Mr. Chair, I do want to thank the member for the excellent question, which is, how do we achieve parliamentary oversight?

I am not going to engage in a lot rhetoric about this particular government, but the answer has to be: respect for Parliament. That is the simple answer. Whether it is the current government or any other government, it has to have respect for Parliament and the parliamentarians' right to hold the government to account to play that important role in Parliament. If that is not there, it is not going to work.

I as a member hold respect for Parliament in high importance. I am concerned about the Afghan documents. The reason there are no Afghan documents is that a process was agreed to that was bound to fail, in our view, which is why we did not participate in it.

Unfortunately, the government got its way and managed to effectively place a code of silence over this whole notion of what went on in Afghanistan, in terms of Afghan detainees, what rules were made, how they were followed, whether they were followed or not, and Canada is not keeping up to its international responsibilities.

I have to say that the party of the hon. member who asked the question went along with that, and so did the Bloc. As a result, we have a situation where, almost a year past this ad hoc committee being set up, not one single new piece of paper has seen the light of day.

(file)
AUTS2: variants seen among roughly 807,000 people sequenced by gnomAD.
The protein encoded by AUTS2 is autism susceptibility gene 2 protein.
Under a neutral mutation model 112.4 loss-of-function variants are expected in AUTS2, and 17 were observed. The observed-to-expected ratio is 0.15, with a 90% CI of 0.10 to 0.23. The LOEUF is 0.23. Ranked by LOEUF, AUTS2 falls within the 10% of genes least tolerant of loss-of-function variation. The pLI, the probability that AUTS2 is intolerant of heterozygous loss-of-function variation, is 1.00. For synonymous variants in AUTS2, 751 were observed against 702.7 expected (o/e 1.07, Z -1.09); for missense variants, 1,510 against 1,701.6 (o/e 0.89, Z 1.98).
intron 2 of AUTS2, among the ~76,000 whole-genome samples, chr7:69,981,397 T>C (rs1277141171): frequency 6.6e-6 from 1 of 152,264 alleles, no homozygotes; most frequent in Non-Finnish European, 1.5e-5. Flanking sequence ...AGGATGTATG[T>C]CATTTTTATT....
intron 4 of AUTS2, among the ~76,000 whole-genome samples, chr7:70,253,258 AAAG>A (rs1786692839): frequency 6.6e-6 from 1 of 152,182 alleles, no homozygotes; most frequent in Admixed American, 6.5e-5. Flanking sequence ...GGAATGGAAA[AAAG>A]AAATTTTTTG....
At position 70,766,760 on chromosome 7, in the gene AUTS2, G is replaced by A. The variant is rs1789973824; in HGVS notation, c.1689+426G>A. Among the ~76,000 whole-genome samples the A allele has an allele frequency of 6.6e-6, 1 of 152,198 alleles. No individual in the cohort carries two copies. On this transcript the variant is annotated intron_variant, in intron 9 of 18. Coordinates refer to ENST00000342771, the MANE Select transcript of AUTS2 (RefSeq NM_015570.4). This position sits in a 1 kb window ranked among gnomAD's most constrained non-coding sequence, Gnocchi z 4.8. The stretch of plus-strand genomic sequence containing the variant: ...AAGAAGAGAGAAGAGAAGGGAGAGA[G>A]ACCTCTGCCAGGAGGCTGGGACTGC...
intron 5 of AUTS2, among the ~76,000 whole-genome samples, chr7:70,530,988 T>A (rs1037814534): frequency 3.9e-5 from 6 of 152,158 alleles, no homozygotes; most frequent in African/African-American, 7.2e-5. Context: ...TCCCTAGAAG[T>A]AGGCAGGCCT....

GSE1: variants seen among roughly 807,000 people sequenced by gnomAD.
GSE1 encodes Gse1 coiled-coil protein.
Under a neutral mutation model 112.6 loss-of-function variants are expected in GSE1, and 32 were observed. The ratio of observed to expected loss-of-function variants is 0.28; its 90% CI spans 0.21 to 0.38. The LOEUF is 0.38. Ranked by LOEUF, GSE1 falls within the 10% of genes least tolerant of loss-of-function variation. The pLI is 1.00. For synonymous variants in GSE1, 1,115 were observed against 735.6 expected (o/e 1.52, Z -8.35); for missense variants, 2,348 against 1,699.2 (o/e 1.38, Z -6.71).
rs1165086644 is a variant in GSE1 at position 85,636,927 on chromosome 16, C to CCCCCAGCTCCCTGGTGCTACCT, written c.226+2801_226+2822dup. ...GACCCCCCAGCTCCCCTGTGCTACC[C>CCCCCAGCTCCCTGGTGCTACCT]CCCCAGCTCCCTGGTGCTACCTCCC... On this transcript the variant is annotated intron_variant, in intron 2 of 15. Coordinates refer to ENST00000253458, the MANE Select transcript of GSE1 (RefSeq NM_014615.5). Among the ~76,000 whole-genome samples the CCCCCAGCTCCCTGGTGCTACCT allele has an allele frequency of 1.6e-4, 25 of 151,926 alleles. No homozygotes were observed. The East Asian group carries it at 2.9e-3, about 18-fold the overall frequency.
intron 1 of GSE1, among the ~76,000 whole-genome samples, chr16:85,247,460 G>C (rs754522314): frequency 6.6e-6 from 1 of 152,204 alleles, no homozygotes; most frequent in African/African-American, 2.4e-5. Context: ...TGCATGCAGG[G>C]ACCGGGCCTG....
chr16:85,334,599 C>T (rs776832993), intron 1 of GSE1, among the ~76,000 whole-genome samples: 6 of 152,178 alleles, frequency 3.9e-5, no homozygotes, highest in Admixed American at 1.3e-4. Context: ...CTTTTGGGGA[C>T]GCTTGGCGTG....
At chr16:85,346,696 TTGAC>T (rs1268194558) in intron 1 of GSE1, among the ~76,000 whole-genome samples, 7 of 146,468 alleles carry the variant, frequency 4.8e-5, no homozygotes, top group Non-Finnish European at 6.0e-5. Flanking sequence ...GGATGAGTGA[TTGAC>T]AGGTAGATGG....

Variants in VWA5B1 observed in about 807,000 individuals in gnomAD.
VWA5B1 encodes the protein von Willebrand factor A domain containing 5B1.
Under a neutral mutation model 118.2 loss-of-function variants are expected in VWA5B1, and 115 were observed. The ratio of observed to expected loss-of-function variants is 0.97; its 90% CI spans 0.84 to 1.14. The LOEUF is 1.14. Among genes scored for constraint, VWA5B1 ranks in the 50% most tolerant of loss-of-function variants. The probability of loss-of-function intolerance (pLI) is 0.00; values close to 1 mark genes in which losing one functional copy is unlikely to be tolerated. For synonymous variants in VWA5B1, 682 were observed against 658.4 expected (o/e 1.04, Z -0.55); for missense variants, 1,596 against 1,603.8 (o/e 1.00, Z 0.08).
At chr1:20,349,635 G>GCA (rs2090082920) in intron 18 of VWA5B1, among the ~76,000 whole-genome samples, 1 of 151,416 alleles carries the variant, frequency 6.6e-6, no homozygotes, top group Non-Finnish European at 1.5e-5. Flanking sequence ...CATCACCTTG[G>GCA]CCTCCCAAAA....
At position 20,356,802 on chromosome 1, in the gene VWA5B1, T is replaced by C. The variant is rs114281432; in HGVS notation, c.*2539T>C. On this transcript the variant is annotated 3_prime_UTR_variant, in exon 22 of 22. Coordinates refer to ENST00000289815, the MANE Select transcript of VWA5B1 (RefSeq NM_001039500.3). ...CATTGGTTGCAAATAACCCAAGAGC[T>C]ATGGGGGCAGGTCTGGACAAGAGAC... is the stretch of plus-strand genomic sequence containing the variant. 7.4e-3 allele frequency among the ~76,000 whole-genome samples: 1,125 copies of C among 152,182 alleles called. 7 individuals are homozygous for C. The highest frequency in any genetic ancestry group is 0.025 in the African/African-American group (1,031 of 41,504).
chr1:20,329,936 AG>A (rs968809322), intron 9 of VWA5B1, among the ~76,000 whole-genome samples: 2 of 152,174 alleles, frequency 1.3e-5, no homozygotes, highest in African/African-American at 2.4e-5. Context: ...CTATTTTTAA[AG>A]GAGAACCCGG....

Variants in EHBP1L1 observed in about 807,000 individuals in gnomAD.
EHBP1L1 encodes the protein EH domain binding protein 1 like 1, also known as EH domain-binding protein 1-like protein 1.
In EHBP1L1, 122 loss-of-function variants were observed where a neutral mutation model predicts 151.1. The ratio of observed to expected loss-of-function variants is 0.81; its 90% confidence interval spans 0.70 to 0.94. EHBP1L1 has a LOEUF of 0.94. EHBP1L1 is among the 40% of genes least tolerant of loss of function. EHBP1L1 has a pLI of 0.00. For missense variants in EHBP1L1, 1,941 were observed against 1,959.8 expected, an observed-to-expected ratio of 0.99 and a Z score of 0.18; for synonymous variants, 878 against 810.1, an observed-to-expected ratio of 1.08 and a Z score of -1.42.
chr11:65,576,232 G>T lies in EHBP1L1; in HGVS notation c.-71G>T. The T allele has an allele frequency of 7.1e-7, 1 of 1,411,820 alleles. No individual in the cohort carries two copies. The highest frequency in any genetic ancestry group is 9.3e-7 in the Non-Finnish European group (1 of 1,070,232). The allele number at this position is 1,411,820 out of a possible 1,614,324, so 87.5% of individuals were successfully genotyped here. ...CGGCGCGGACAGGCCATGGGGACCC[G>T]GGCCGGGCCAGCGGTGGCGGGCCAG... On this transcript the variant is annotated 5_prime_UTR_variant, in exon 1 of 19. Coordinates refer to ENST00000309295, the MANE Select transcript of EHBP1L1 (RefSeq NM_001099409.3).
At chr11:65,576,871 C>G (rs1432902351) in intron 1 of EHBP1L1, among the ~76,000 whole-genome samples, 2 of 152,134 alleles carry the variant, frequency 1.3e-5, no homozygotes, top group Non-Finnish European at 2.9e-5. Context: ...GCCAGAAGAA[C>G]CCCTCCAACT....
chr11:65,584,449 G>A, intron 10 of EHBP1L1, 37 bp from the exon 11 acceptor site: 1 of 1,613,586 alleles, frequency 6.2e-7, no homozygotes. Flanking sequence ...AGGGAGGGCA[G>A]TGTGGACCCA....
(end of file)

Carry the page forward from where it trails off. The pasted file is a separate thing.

United Nations Security Council Resolution Concerning LibyaGovernment Orders

7:05 p.m.

Blackstrap Saskatchewan

Conservative

Lynne Yelich ConservativeMinister of State (Western Economic Diversification)

Mr. Chair, I would like to read some words of the Prime Minister, when he said:

Canada has said, and leaders have agreed, that we must act urgently. We must help the Libyan people, help them now, or the threat to them and to the stability of the whole region will only increase. We must also ensure humanitarian needs are met, and that the humanitarian appeal is fully subscribed. Finally, we should all acknowledge that ultimately, only the Libyan people can or should decide their future. But we all have a mutual interest in their peaceful transition to a better future.

I would like the member to comment on how well this was pronounced by the Prime Minister at the news conference in Paris and how important it is that the Libyan people, indeed, decide their future.

United Nations Security Council Resolution Concerning LibyaGovernment Orders

7:05 p.m.

NDP

Jack Harris NDP St. John's East, NL